Don't split up the day's taper dose. As mentioned above, taking it early prevents you from thinking about and anticipating your dose. Also, once you finally stop, it is an easier transition from taking something once a day to zero times a day, than it is from taking something 2-4 times a day, to zero times a day. Also avoid complicated rituals like dissolving the medication in water and metering out portions for the taper. Simply cutting the film or tablet is all you need to do. Exception: Again, if insomnia becomes acute, splitting the dose up by taking some in the morning and some at night might help.
Buprenorphine Taper Schedule Calculator
The taper calculator below accounts for the information presented above. Because everyone is different this should only serve as a suggestion and might need to be tweaked for individuals. One convenient feature is it estimates the total time and total amount of buprenorphine required to conduct the taper. The taper schedule can be edited and printed out as well.
Remember, the taper schedule is not etched in stone. Individuals will respond differently to the same taper schedule. It is meant as a rough guide which must be tailored to match an individual's body and circumstance. The main concept is to pace taper rate with the individual's ability to adjust to each decrease. However it can be helpful to have a guide to loosely follow and to estimate about how long it will take and how much buprenorphine will be required.
Buprenorphine and Pain
Buprenorphine is a painkiller. A return of minor aches and pains is to be expected when you stop taking a painkiller. This is not withdrawal, it's the pain the painkiller was killing but isn't killing anymore. Aleve® or some other OTC painkiller, might help but only when and if you need it. Hyland's® Restful legs tablets have also been reported to be effective especially, at night. For sleep, patients have suggested Valerian root and Melatonin. Maintaining good overall nutrition and keeping well hydrated is also important. But maybe the most important thing is to keep busy, preferably away from home. Sitting home waiting for symptoms to appear is a sure way to fail.
Pain is progress
The discomfort you feel while tapering can be thought of as an indication of your tolerance diminishing. The necessary discomfort stimulates the body to produce endorphins. If you can possibly motivate yourself to exercise, even brisk walking, the pain will be less noticeable and you benefit form the exercise. It might also help you sleep better.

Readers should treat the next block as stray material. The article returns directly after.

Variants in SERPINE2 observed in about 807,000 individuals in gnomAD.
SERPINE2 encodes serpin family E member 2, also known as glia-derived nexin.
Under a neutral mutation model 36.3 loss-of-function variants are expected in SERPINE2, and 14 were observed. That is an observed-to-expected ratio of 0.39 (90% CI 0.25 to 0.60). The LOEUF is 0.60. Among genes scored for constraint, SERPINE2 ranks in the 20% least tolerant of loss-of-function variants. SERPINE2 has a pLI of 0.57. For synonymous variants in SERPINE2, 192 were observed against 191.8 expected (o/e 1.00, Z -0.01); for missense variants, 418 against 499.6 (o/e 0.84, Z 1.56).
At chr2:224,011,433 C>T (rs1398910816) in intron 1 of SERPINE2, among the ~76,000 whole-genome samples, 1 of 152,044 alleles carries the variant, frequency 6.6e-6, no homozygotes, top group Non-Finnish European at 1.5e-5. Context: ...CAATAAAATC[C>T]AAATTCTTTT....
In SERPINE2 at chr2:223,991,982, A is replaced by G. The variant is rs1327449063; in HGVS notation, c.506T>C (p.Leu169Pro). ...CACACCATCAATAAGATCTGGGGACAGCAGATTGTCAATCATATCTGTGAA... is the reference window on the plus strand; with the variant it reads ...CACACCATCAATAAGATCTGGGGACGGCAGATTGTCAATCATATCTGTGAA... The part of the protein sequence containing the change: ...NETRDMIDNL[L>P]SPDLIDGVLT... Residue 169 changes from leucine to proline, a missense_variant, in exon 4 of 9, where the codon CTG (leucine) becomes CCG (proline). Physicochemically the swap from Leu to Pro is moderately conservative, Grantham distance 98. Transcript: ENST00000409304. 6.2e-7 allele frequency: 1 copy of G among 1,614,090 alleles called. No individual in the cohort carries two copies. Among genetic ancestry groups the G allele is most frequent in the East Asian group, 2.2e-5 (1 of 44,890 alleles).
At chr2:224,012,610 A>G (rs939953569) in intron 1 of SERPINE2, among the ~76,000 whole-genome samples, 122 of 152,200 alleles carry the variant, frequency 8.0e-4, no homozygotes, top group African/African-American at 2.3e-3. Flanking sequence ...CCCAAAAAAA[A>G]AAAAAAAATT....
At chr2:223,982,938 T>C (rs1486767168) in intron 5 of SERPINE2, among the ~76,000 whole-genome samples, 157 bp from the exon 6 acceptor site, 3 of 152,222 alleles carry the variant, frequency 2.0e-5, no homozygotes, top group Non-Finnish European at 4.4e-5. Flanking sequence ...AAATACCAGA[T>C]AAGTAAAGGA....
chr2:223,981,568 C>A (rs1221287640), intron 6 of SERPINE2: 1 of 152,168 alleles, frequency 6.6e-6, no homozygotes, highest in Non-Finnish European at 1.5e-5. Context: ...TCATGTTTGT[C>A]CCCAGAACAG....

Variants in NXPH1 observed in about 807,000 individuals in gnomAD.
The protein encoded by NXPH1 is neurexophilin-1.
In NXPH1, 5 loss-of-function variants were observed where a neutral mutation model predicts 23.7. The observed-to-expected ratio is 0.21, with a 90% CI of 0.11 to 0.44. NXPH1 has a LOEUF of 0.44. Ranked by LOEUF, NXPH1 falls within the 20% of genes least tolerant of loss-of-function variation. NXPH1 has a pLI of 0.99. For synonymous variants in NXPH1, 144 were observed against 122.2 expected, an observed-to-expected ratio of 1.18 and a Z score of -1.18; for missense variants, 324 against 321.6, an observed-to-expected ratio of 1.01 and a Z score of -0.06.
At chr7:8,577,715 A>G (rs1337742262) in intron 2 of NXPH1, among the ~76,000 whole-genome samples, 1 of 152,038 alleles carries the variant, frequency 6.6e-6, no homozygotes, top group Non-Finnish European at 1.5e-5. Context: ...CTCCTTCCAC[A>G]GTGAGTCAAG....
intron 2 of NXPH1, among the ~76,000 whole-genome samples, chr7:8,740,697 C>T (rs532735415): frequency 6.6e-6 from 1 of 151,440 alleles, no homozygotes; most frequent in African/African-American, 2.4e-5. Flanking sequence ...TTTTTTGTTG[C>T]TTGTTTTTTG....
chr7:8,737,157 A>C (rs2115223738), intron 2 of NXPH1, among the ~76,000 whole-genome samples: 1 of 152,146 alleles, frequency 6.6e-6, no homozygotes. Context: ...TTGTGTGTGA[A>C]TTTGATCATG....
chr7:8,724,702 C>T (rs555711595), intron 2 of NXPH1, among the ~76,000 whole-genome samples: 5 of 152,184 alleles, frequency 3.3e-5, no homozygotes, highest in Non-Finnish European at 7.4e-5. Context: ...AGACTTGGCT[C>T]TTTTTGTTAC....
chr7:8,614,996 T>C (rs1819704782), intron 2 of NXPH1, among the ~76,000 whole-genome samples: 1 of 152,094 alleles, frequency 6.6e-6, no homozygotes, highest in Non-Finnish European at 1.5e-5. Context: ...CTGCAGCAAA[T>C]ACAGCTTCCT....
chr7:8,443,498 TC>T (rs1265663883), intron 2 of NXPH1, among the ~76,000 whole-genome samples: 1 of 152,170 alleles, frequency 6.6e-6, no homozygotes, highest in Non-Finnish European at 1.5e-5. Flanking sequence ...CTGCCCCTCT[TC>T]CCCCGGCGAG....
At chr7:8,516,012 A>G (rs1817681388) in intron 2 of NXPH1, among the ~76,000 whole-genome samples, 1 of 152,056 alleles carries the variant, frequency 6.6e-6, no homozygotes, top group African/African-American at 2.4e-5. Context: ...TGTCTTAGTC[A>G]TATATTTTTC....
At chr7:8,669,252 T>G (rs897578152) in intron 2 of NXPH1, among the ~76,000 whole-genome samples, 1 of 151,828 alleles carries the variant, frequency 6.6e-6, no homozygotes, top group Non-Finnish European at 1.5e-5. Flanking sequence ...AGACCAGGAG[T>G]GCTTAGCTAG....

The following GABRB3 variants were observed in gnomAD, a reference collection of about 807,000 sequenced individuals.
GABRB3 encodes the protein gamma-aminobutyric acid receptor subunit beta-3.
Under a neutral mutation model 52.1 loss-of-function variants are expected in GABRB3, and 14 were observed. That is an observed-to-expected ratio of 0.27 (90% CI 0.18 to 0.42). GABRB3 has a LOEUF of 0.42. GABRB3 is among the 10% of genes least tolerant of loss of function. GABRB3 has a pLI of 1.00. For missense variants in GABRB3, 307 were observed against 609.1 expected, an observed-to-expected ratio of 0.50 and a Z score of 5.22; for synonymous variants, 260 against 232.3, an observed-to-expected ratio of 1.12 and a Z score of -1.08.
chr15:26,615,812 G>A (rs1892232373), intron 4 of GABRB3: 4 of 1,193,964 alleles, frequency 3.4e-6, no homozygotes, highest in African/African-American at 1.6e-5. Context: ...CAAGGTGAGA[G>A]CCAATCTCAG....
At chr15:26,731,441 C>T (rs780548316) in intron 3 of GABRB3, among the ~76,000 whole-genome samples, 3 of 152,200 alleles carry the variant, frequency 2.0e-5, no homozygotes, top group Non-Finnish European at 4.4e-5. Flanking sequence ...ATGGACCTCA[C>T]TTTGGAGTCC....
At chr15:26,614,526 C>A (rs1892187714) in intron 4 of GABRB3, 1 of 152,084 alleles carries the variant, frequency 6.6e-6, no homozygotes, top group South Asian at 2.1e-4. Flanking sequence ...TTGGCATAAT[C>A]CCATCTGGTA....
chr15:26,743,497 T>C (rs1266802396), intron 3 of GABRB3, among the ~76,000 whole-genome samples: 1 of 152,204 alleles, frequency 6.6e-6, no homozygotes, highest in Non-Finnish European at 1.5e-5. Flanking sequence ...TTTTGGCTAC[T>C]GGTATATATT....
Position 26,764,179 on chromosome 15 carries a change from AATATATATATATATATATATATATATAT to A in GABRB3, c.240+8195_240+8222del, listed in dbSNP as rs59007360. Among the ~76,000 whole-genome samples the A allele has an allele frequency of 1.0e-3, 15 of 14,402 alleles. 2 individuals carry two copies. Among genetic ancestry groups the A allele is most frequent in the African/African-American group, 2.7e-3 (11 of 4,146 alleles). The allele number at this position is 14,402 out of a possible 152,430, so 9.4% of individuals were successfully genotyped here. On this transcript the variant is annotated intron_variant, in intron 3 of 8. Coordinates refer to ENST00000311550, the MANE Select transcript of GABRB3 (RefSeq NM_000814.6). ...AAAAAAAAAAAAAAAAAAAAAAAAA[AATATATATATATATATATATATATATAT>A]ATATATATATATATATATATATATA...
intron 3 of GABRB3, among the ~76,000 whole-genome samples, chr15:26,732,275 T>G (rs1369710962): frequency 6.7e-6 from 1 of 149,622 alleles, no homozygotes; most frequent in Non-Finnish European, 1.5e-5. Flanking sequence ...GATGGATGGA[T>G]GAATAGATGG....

Depression and Tapering
Along with being a painkiller, buprenorphine has been recognized as an anti-depressant.7,8 Just as when you stop taking a painkiller, pain comes back, when you stop an anti-depressant, depression may come back too. The severity of the depression could determine the success or failure of the taper. Be prepared to deal with the reemergence of depression, particularly if you suffered from it before starting buprenorphine treatment. This might entail working with a psychiatrist and having antidepressant medication on the ready, before concluding the taper.
Pausing the Taper
If you hit a dose level which produces unacceptable levels of withdrawal discomfort, it is acceptable to go back up in dose, one step, for a few more days. Alternatively, you can hold at that dose for a longer period of time than indicated on the taper schedule. Since everyone’s body and brain is unique, the generic taper schedule may need to be tweaked slightly. Once your body adjusts to the dose level the taper can be resumed.
It's okay to take a break from the taper if you need to, as long as it is minimal and infrequent. An example would be if you have been at 0.5mgs/ day for a week and still feel withdrawal discomfort, taking up to 1-2mgs one day will remove all withdrawal symptoms for that day and possibly the next, giving you time to refocus, get things done, and prepare for the final leg of the taper. One day at a higher dose will not increase your tolerance, thus reversing your progress, as long as you limit such higher doses to once or twice during the taper. If you can, try and not take any the following day. This may not be that difficult since about half will still be present the next day. Then resume the taper schedule.
- Anecdotal evidence compiled from several social media sites over a period of several years
- National Alliance of Advocates for Buprenorphine Treatment- www.NAABT.org
- PET scans- mu receptors- Effects of Buprenorphine Maintenance Dose on mu-Opioid Receptor Availability, Plasma Concentrations, and Antagonist Blockade in Heroin-Dependent Volunteers - 2003 - www.nature.com
- TIP-40, buprenorphine treatment clinical guidance - government document 2004
- Results produced by the NAABT.org taper engine (beta)
- Buprenorphine tapering schedule and illicit opioid use- Clinicaltrials.gov, Identifier: NCT00078117 -Ling - study
- Buprenorphine treatment of refractory depression, Bodkin [study]
- The Buprenorphine Effect on Depression, Richard Gracer, MD [article PDF]
- Zubsolv full prescribing information submitted to the FDA - Zubsolv PI
- Bunavail full prescribing information submitted to the FDA - Bunavail PI
- Suboxone Film full prescribing information submitted to the FDA - Suboxone Film PI